Southeast Asia and the Great Powers

Southeast Asia and the Great Powers

Southeast Asia and the Great Powers

Southeast Asia and the Great Powers


The success of regionalism in Southeast Asia depends on the attitudes of the states within the region but also on the attitude of those outside it. This book is an erudite and stimulating study on the latter. Placing these states in a long term historical context Tarling brings out the way in which the rivalries of those powers within the region and outside it have affected the states within the region. He also shows how divisions within the region, and within states in the region, offered invitations and opportunities for intervention from outside, and so perhaps gave Southeast Asia an importance in international relations it would not otherwise have had. Regional leaders appear in recent decades to have recognised what may be construed as one of the lessons of history; if Southeast Asia can provide security for the Straits route, and stable conditions for trade and investment, it might enjoy both peace and a measure of prosperity.

Southeast Asia and the Great Powers is an important read for students and scholars of the history and international relations of Southeast Asia.


Over the past forty years Southeast Asia has secured both a large measure of interstate peace and cooperation and a degree of autonomy from great powers outside the region that few observers had hoped for and scarcely any anticipated. Those have been coupled with a measure of economic and social development that, though far from equitable in its coverage and set back by a major crisis in the late 1990s, also indicated a remarkable transformation. A region of revolt had become a region that invited investment, though also speculation.

In discussing this achievement, my book, Regionalism in Southeast Asia [2006], tended to celebrate the creation and the subsequent work of ASEAN [Association of South East Asian Nations]. About that, again, observers had been sceptical, and many were disappointed with its slow progress towards the cooperative economic projects that it set out as its priority. What was achieved was what that vaunted priority in fact, by design or otherwise, tended to conceal, a practice of political collaboration that in the event was to open up much wider economic prospects.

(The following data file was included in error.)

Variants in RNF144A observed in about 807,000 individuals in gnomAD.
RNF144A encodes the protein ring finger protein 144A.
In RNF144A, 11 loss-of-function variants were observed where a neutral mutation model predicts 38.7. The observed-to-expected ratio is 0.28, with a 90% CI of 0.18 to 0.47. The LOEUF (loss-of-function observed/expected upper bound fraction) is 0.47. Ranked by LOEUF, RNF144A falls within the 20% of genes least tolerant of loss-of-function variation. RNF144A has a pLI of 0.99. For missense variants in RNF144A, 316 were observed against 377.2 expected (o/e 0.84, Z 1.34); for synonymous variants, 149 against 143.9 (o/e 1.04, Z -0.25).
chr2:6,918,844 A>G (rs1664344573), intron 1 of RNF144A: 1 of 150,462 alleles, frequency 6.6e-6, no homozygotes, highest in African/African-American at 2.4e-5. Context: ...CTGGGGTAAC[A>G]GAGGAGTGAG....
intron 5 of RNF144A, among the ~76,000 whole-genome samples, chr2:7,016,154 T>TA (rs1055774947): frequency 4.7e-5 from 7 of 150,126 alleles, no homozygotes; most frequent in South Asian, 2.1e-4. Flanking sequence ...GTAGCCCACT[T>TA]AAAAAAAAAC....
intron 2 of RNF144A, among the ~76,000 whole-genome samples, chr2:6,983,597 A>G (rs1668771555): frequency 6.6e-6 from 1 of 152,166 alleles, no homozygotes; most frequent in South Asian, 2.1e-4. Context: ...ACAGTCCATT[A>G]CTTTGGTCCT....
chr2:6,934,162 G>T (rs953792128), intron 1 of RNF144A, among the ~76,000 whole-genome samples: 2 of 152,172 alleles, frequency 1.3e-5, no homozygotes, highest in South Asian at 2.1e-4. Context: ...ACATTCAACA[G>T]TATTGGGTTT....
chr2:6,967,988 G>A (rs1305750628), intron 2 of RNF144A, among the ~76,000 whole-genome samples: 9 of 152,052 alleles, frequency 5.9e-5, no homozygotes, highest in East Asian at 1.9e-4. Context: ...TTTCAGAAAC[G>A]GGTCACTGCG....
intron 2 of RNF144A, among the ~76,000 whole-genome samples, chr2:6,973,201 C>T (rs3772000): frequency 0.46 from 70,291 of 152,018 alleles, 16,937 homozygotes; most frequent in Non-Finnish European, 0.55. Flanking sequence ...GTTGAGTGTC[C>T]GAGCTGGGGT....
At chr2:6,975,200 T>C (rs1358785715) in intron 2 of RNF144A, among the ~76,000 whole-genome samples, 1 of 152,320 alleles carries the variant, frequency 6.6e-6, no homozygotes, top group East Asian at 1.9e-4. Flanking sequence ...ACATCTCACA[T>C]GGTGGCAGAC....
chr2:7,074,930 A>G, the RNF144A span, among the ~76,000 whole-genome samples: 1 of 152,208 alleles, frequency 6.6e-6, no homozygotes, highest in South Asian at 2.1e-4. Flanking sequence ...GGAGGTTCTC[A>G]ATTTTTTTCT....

By contrast to the European regional project, ASEAN was avowedly based on the nation-state. That was the prime source of its success, though some would also say its ultimate limitation. The books that with Regionalism turned out to form a sequential trilogy, Imperialism in Southeast Asia [2001] and Nationalism in Southeast Asia [2004], suggested reasons why Southeast Asian leaders took that course. The region had come almost entirely under the formal rule of Western powers and been segmented into parts of their empires. Within the frontiers they had created or affirmed, however, their rule had come to be contested by a nationalism that they had also helped to create. Within the colonial states they built up, an alternative leadership offered the way to modernity. The destruction of the Western empires by the Japanese gave it, rather unwittingly, an opportunity it would not otherwise have had so soon or perhaps so amply. But its achievement, the winning of independence, was won piece-by-piece, colony by colony, and the new states, though claiming as modern states now did, to be nation-states, inherited the colonial frontiers. Just as the colonial states had little in common but their colonialism, those that replaced them had little in common but their nationalism. Any attempt to build regionalism – an endeavour always beyond the . . .

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